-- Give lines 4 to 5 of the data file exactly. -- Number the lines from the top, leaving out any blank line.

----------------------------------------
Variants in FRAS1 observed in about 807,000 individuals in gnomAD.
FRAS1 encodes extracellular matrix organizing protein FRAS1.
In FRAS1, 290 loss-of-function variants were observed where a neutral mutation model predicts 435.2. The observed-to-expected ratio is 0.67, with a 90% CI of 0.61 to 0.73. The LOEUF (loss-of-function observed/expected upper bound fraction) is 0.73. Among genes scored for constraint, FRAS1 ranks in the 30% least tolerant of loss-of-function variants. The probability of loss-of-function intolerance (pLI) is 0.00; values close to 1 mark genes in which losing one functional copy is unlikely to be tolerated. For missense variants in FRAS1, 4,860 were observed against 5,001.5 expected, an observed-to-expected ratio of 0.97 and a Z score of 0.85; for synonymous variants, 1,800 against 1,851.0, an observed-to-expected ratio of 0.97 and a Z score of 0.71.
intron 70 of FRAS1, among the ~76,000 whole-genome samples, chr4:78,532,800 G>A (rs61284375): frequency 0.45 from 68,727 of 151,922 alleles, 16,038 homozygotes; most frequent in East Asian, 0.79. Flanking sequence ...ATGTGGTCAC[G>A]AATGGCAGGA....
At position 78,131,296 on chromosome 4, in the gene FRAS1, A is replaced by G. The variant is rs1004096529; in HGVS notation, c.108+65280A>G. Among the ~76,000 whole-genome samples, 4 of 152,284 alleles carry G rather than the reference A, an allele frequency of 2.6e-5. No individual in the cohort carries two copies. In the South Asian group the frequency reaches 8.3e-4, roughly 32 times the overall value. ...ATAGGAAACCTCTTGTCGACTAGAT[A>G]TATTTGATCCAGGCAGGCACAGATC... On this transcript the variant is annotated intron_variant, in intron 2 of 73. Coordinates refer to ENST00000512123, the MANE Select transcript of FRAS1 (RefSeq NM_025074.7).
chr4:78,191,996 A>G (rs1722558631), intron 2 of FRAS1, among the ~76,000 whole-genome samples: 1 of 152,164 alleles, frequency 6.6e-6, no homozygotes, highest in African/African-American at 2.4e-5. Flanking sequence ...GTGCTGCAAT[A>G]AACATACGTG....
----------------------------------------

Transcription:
intron 70 of FRAS1, among the ~76,000 whole-genome samples, chr4:78,532,800 G>A (rs61284375): frequency 0.45 from 68,727 of 151,922 alleles, 16,038 homozygotes; most frequent in East Asian, 0.79. Flanking sequence ...ATGTGGTCAC[G>A]AATGGCAGGA....
At position 78,131,296 on chromosome 4, in the gene FRAS1, A is replaced by G. The variant is rs1004096529; in HGVS notation, c.108+65280A>G. Among the ~76,000 whole-genome samples, 4 of 152,284 alleles carry G rather than the reference A, an allele frequency of 2.6e-5. No individual in the cohort carries two copies. In the South Asian group the frequency reaches 8.3e-4, roughly 32 times the overall value. ...ATAGGAAACCTCTTGTCGACTAGAT[A>G]TATTTGATCCAGGCAGGCACAGATC... On this transcript the variant is annotated intron_variant, in intron 2 of 73. Coordinates refer to ENST00000512123, the MANE Select transcript of FRAS1 (RefSeq NM_025074.7).